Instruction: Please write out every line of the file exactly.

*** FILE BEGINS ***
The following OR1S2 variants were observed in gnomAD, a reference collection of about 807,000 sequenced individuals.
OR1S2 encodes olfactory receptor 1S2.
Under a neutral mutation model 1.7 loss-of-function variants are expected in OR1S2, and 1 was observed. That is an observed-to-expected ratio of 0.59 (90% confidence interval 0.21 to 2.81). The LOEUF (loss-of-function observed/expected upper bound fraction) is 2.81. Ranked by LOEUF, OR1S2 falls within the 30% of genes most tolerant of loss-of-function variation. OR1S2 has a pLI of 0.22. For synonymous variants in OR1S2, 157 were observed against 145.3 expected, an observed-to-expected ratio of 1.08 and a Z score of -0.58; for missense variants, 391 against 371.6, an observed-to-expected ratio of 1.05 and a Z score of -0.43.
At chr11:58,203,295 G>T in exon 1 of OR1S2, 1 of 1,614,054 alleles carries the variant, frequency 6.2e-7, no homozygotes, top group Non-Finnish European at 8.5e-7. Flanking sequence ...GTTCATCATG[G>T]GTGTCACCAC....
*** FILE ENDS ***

The following OR1S2 variants were observed in gnomAD, a reference collection of about 807,000 sequenced individuals.
OR1S2 encodes olfactory receptor 1S2.
Under a neutral mutation model 1.7 loss-of-function variants are expected in OR1S2, and 1 was observed. That is an observed-to-expected ratio of 0.59 (90% confidence interval 0.21 to 2.81). The LOEUF (loss-of-function observed/expected upper bound fraction) is 2.81. Ranked by LOEUF, OR1S2 falls within the 30% of genes most tolerant of loss-of-function variation. OR1S2 has a pLI of 0.22. For synonymous variants in OR1S2, 157 were observed against 145.3 expected, an observed-to-expected ratio of 1.08 and a Z score of -0.58; for missense variants, 391 against 371.6, an observed-to-expected ratio of 1.05 and a Z score of -0.43.
At chr11:58,203,295 G>T in exon 1 of OR1S2, 1 of 1,614,054 alleles carries the variant, frequency 6.2e-7, no homozygotes, top group Non-Finnish European at 8.5e-7. Flanking sequence ...GTTCATCATG[G>T]GTGTCACCAC....